Baker's Dozen

Artists discuss the 13 records that shaped their lives

An Expanse Of Sound: Jane Weaver’s Favourite Albums

With the release of her stunning new album, Modern Kosmology, Jane Weaver talks to John Freeman about the 13 records that shaped her musical universe. Portrait by Rebecca Lupton.

Jane Weaver is sat amongst a pile of records in her dining room talking about Hilma af Klint. It turns out that the Swedish spiritualist and painter was one of the inspirations for Weaver’s stellar new album, Modern Kosmology. In addition to a love of Hilma’s wonderful abstract art, Weaver was also inspired by her work ethic. "She would paint for days until she dropped," Jane tells me. "I liked that story. Hilma was the kind of person I could relate to."

I can vouch for that. In discussing her thirteen favourite albums, Jane provides a meticulous and immersive experience. We are enveloped by music – the vinyl copies of her Baker’s Dozen choices are spread lovingly over the floor – while her husband’s (musician, producer and Finders Keepers record label owner, Andy Votel) extensive collection surrounds a variety of keyboards and Weaver’s beloved WEM amp.

And, rather wonderfully, while describing the records that moulded her musical landscape and provided the reference points for the magical space rock of Modern Kosmology, Weaver plays various songs from each of the albums. "I have certain things that I pick up on when I listen to music that become my ‘go to’ things, when I am thinking about what to do with my own music, " she reveals. With that, and with the rolling Cheshire moorland as a visual backdrop, I’m transported into a world of classic pop, prog, psychedelia, avant-garde rock and Egyptian folk music.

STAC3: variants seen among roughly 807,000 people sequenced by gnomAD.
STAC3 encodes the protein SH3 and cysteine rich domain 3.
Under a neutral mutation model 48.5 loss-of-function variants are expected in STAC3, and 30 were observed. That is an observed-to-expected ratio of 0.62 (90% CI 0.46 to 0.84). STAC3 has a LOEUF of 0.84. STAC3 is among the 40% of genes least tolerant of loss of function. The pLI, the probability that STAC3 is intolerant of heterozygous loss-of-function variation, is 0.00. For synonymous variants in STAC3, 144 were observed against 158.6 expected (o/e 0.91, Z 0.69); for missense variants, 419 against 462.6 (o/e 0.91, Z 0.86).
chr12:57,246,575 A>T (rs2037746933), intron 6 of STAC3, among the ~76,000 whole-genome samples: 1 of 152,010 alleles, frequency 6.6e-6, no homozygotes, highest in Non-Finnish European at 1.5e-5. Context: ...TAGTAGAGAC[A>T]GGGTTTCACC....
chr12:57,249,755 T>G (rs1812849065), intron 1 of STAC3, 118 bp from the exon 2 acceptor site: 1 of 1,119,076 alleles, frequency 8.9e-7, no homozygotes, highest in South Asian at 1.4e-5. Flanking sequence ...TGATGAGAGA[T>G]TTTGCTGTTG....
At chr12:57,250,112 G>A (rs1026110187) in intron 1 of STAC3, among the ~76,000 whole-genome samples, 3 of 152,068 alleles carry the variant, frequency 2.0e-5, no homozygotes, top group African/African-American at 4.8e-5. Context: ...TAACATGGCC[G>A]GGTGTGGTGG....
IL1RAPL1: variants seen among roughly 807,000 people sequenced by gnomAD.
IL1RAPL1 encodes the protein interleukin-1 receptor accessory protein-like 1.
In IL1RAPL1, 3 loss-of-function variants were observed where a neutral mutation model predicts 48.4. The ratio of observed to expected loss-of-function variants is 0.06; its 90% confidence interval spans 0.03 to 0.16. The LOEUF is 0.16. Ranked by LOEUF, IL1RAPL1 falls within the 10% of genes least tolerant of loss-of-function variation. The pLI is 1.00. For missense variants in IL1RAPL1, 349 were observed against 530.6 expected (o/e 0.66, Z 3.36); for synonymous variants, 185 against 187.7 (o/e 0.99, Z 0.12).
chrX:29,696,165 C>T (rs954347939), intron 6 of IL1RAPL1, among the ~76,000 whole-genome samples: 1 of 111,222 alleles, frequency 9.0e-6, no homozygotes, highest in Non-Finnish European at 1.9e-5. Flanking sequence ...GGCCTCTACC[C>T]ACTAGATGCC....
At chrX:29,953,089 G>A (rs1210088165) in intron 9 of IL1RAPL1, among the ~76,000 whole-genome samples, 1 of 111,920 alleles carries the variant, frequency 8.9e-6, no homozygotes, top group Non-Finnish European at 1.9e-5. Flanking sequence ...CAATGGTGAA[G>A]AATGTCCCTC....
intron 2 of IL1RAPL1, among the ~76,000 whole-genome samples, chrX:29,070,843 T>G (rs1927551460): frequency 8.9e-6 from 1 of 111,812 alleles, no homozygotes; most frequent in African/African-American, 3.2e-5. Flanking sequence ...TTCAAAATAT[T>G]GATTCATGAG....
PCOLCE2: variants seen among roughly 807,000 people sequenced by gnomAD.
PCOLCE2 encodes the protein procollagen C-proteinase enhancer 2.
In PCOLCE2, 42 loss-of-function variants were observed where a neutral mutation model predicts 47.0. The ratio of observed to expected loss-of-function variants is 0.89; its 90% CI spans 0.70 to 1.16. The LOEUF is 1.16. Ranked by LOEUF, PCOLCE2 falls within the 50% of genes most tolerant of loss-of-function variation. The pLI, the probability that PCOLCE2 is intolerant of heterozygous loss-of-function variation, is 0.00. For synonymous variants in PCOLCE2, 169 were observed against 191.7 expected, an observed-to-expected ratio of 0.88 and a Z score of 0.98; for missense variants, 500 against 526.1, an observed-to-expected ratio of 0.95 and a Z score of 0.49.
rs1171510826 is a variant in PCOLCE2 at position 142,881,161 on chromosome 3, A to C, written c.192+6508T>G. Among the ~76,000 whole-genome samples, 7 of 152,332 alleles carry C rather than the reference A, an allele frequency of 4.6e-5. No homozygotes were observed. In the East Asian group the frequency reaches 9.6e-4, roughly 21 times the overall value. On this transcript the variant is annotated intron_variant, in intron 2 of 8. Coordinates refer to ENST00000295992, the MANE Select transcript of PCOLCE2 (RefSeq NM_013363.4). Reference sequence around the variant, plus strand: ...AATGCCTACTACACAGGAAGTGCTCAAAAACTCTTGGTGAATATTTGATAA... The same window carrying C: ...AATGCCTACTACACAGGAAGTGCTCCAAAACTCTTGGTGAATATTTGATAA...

After we have finished discussing her final choice, talk turns back to Modern Kosmology. "Initially, I wanted a rawer sound than The Silver Globe," Jane explains, when I ask her how she approached attempting to better her career-high 2015 album. "However, I suddenly changed tack and wanted everything to sound clearer. I made certain production decisions about tape echo and digital delay. I had a limited amount of resource and was trying to optimise what I had. It is always when I go into the studio that the decoration of the songs begins."

The results are pretty spectacular. Aided by CAN’s Malcolm Mooney – amongst others – Modern Kosmology welds lush psychedelic pop to Weaver’s synthesizer savviness and dark-angel vocal. The album’s genesis was not a straightforward process, coming in the wake of the acclaimed The Silver Globe. "For me, the last album was a big success. I don’t know how many copies it sold but I have never had that amount of positive feedback about a record. When I was starting to write Modern Kosmology I began thinking about people’s expectations. I had to have a word with myself and decide to take no notice of the world outside. I had to switch off and create my own little world. It wasn’t a comfortable process, as so many terrible things were happening in the world last 12 months."

Her journey took Weaver to the Isle of Eigg and a spell of writing in isolation on Anglesey. "Modern Kosmology became the study of my little universe. I liked the idea of people taking the positive things from their own universe and channel that energy into something good. It worked for me to isolate myself and draw from my surroundings, and helped me navigate a path through the last year."

Modern Kosmology is out on May 19th via Fire Records. Click the image below to begin reading Jane’s selections

First Record

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